Unpacking communication and creativity
building blocks, ingredients, traits
Communication and engineering culture
When teams or organizations start to get dysfunctional at any level, one way to debug it is to look at the core pillar of the engineering culture- communication.
Communication is a fundamental skill of successful teams and organizations. As an engineer, if we look at our daily toolbox, the picture looks somewhat similar at the minimum.
We communicate in so many different ways that we need to realize the types of communication we leverage on a daily basis to understand the complete picture:
Verbal (spoken: in-person, remote)
Non-verbal (body language, facial expressions)
Written (written language, symbols, and numbers)
Visual (drawings, sketches, charts, and graphs)
I find it particularly helpful to know about the building blocks of communication which I learned from a good beginner-friendly LinkedIn Learning course way back:
People: It is first and foremost, knowing the audience. Understanding that with any communication, people think→feel→do. Consider the mental filters we have as an individual that hugely influence how communication lands.
Message: Being clear on the intent matters. If we are looking to inform or persuade someone, the communication is going to look different.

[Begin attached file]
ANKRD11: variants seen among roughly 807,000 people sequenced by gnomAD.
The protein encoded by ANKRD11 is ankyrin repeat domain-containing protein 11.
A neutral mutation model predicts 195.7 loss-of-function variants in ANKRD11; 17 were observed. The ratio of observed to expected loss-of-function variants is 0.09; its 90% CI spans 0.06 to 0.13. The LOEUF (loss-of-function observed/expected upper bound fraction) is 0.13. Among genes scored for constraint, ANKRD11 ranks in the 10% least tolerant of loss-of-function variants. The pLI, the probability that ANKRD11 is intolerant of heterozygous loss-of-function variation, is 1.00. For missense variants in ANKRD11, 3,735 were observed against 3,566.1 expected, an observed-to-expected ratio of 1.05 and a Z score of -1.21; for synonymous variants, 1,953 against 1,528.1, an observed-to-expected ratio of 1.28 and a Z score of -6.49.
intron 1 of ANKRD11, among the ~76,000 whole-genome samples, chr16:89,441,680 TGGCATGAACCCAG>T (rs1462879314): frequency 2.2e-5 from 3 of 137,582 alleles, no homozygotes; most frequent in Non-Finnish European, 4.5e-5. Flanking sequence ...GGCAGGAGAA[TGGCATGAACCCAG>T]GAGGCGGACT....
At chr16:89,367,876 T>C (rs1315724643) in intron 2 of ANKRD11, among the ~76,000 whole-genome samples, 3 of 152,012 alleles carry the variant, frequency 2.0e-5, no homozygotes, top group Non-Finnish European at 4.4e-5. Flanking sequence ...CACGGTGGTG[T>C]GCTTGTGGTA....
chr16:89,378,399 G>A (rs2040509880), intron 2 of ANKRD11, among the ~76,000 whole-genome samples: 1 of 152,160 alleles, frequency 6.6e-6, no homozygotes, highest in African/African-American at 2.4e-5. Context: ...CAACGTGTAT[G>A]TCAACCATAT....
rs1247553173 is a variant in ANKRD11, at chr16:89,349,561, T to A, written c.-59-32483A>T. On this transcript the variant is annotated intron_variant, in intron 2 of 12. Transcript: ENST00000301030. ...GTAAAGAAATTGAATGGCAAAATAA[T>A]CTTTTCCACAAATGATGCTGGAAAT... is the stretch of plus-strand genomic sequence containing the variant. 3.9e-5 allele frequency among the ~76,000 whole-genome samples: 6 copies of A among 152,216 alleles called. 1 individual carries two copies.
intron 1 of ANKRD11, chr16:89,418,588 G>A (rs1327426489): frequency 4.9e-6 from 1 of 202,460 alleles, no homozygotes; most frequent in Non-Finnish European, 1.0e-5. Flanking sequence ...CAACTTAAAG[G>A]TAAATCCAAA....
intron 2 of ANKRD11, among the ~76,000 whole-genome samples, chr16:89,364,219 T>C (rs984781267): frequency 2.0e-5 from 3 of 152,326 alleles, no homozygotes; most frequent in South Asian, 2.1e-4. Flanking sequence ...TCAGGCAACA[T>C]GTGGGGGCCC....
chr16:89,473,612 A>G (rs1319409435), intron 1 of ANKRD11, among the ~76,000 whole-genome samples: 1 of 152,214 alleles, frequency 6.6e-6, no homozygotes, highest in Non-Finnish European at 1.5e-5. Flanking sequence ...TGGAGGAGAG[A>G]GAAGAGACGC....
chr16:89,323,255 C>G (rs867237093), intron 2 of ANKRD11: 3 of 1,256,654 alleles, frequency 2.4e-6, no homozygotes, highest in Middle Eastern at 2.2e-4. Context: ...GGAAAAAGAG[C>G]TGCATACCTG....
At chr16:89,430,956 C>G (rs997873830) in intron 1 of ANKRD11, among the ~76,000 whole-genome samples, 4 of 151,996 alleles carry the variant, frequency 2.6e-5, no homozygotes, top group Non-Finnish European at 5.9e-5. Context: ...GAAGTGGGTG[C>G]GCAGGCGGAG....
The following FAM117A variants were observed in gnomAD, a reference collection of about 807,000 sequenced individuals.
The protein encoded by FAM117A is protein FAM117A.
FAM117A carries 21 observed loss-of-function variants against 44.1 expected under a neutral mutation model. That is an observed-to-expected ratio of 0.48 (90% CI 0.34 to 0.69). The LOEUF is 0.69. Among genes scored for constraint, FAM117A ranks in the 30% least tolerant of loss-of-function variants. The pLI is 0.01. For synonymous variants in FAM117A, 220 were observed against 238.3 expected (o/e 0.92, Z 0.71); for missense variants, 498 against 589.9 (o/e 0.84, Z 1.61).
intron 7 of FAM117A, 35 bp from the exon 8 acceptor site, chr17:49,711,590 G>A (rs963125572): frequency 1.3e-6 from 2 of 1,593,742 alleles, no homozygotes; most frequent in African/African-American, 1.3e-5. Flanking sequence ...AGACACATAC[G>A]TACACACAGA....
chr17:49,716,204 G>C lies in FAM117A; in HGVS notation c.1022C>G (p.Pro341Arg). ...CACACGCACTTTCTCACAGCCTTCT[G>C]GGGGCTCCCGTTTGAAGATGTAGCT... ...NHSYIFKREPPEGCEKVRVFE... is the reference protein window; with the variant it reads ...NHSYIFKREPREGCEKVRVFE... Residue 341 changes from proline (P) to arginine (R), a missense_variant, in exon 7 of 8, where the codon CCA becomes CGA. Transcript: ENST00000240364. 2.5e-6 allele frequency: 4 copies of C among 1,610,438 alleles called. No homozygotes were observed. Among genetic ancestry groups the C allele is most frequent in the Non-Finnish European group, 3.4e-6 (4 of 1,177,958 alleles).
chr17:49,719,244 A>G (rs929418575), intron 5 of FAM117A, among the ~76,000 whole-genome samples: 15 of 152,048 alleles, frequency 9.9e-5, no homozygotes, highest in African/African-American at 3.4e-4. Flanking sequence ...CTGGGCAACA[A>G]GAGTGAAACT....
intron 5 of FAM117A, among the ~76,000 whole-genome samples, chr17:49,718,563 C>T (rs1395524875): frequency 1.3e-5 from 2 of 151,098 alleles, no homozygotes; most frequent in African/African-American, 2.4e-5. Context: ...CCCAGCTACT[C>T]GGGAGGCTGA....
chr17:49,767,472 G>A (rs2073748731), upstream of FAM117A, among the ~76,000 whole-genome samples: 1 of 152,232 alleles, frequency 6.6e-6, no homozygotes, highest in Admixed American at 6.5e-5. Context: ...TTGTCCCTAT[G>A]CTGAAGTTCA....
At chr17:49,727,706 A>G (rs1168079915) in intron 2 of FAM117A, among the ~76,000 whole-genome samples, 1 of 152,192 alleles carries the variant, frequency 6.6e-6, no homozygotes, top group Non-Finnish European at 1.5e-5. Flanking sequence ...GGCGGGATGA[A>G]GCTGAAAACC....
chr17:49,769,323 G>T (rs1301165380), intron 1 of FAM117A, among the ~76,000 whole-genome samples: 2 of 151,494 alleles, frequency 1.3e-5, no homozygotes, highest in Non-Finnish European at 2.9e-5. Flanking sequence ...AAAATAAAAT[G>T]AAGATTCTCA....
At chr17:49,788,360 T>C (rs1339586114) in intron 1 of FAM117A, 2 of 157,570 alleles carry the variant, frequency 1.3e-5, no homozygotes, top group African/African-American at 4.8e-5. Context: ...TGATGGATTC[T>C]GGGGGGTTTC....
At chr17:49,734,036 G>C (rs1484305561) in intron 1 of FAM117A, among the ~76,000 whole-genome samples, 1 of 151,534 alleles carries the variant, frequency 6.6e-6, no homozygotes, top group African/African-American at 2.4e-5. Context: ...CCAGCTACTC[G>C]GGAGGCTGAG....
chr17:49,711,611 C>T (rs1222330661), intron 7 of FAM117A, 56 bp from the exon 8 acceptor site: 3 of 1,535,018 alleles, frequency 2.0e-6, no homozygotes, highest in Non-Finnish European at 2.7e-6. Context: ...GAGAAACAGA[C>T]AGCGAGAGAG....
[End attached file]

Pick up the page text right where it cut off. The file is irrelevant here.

Context: Keeping in mind the location, timing, and relationships
Listening: Listening with our ears is usually obvious and it is also about listening with our eyes for visual cues, and with the heart for emotional receptivity.
How do we communicate effectively? I think this video does a good job of explaining the recipe for good communication.
Good communication comes down to five key ingredients:
Clarity (make the point clear)
Brevity (make it quick)
Context (make the message relevant)
Impact (make it memorable)
Value (make it valuable)
And, it is all about the audience. As engineers, we have to consider our audience (upstream, downstream, lateral) and adjust our ingredients accordingly.
Clarity: assess the level of complexity, confusion, and ambiguity first
Brevity = time/ attention is short
Context = unfamiliarity with the topic
Impact = standing out amidst the noise
Value = decision making, choices, skepticism
Creativity, Communication, and Novel Ideas
Creativity and communication are closely linked because we need creativity to come up with new ideas and communication to pitch these ideas.
To be creative, ideas must be both novel and useful
Balancing novelty with usefulness is tricky as these two traits often diverge. So should we start with novel or useful? Berg recommends starting with novelty and then shaping it for usefulness by incorporating examples.
It is important to never stop being a creator as it helps you predict the success rate of other people's novel ideas. This is particularly applicable to managers and executives who have ideas pitched to them in any organization.
A personal anecdote for such creativity I have is from my manager who took the nerd nite idea concept (novel) and started lightning talks in our organization where folks could sign up to talk about not work stuff type interesting things they are passionate about (useful).
Also, people who actively pursue creativity are more receptive to other people’s creative ideas.
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